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ARS Home » Midwest Area » Lexington, Kentucky » Forage-animal Production Research » Research » Publications at this Location » Publication #314463

Title: Effect of inulin chain length on fermentation by equine fecal bacteria and Streptococcus bovis in vitro

item HARLOW, BRITTANY - University Of Kentucky
item LAWRENCE, LAURIE - University Of Kentucky
item Kagan, Isabelle
item Flythe, Michael

Submitted to: Proceedings of the Equine Science Society
Publication Type: Abstract Only
Publication Acceptance Date: 4/25/2015
Publication Date: 5/26/2015
Citation: Harlow, B.E., Lawrence, L.M., Kagan, I., Flythe, M.D. 2015. Effect of inulin chain length on fermentation by equine fecal bacteria and Streptococcus bovis in vitro. Proceedings of the Equine Science Society. 35:425.

Interpretive Summary:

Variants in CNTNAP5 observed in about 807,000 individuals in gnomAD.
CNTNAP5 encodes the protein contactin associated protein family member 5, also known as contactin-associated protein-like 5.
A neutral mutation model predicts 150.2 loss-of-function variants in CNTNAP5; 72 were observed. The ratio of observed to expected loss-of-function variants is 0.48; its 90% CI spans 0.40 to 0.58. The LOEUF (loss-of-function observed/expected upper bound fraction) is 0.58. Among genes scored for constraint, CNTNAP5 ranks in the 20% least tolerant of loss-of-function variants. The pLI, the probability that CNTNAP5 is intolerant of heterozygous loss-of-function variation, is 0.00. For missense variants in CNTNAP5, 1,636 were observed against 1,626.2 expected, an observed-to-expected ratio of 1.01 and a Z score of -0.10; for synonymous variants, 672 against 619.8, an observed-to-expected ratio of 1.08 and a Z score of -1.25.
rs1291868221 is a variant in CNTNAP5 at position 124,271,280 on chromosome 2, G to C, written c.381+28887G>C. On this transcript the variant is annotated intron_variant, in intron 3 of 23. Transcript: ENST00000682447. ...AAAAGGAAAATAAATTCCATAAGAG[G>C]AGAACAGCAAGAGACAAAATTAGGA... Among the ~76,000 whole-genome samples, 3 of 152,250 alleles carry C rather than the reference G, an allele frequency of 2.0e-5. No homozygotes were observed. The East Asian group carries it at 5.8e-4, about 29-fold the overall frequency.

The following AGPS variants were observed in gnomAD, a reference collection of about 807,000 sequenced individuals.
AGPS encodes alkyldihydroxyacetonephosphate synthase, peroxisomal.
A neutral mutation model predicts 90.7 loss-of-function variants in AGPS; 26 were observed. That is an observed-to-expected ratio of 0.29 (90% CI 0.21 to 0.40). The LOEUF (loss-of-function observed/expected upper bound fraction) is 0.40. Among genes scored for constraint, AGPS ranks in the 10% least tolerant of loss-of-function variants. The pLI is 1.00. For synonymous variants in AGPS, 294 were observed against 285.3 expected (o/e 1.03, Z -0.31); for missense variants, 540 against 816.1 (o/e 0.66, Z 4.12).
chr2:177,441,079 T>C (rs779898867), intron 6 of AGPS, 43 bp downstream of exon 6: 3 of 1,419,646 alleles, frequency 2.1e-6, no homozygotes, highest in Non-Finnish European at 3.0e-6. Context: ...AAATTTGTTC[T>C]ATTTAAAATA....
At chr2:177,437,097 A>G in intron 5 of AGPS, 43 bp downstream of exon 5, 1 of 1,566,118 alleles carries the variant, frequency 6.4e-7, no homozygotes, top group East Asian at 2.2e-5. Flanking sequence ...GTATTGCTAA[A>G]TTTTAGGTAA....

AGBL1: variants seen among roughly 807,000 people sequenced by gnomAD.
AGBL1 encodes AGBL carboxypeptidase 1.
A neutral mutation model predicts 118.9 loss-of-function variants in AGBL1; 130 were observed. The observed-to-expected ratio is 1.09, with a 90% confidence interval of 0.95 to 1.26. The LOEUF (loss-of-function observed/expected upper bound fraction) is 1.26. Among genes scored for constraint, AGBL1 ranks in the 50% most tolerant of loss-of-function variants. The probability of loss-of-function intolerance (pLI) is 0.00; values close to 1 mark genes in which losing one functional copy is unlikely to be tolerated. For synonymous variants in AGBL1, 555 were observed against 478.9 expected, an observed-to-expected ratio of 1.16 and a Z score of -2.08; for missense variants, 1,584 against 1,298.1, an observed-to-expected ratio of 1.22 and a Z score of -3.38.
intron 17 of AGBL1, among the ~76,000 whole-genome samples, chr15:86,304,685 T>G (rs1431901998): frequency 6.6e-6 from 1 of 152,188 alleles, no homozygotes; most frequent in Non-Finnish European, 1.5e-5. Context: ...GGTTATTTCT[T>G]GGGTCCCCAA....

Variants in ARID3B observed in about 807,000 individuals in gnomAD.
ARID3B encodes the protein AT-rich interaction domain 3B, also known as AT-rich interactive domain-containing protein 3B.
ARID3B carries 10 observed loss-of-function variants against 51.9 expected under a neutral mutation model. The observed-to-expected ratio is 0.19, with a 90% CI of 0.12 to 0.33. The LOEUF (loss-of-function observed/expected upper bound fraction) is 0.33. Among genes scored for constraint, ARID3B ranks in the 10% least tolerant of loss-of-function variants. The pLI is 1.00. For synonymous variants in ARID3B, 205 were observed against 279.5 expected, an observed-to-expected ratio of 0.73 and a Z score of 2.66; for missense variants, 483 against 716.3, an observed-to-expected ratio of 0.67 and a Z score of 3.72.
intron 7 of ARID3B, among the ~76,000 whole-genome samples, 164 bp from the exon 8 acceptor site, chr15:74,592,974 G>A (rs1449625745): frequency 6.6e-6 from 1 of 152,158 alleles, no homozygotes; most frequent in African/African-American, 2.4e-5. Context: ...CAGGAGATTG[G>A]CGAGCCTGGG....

Technical Abstract: The ingestion of large quantities of rapidly fermentable carbohydrates (e.g. fructans) from pasture has been associated with the development of laminitis. Fructans are poorly degraded by mammalian enzymes and, therefore, are able to reach the hindgut. The fermentation of fructans can lead to the overgrowth of Gram-positive bacteria (Streptococcus bovis), increasing lactic acid production and decreasing hindgut pH. Cool season grasses can accumulate high concentrations of fructans, varying with plant species and environmental conditions. Furthermore, the degree of polymerization (DP) of fructans has been suggested to influence fermentation rates. The current study was conducted to evaluate the effect of short chain or long chain inulin (model fructan) on pH and growth of S. bovis. For pH experiments, feces were collected on different days from 3 mature mares fed hay. Fecal microbes were harvested by differential centrifugation, washed, and re-suspended in anaerobic media containing either short chain inulin (SC; Orafti OPS; DP = 10) or long chain inulin (LC; Orafti HP; DP = 23) from 0-2% w/v, in 0.1% increments. After 24 h of incubation (37 ºC, 160 rpm) samples were collected for pH. Data were analyzed using the ANOVA procedure of SAS (v. 9.3). At all inulin concentrations tested, the pH was lower in SC fermentations than in LC at 24 h (P <0.0001, in all cases). Based on these results, 3 concentrations of inulin were selected for use in the growth experiment: 0.1%, the lowest concentration eliciting effects on pH; 0.5%, the concentration with the greatest difference in pH between LC and SC (0.32 pH units); and 1.3%, the minimum concentration eliciting maximal pH effects in both LC and SC. For growth experiments, each bottle was inoculated (1% w/v) with stationary phase S. bovis and incubated (39 ºC) for 9 h with 0.1, 0.5, or 1.3% SC or LC inulin. Optical density was determined by spectrophotometry (600 nm) every 30 min to monitor bacterial growth. Growth rates were determined by linear regression (2-5 h). The growth rate of S. bovis on 0.1, 0.5 and 1.3% inulin were 8.2×, 2×, and 1.1× faster during the exponential phase with SC than LC, respectively (P < 0.0001, in all cases). Also, after 9 h of incubation, the final OD was 34%, 92% and 164% higher in SC than LC, at 0.1, 0.5, and 1.3%, respectively (P < 0.0001, in all cases). These results indicate that SC inulin may be more available for rapid fermentation than LC inulin by equine fecal bacteria, including S. bovis.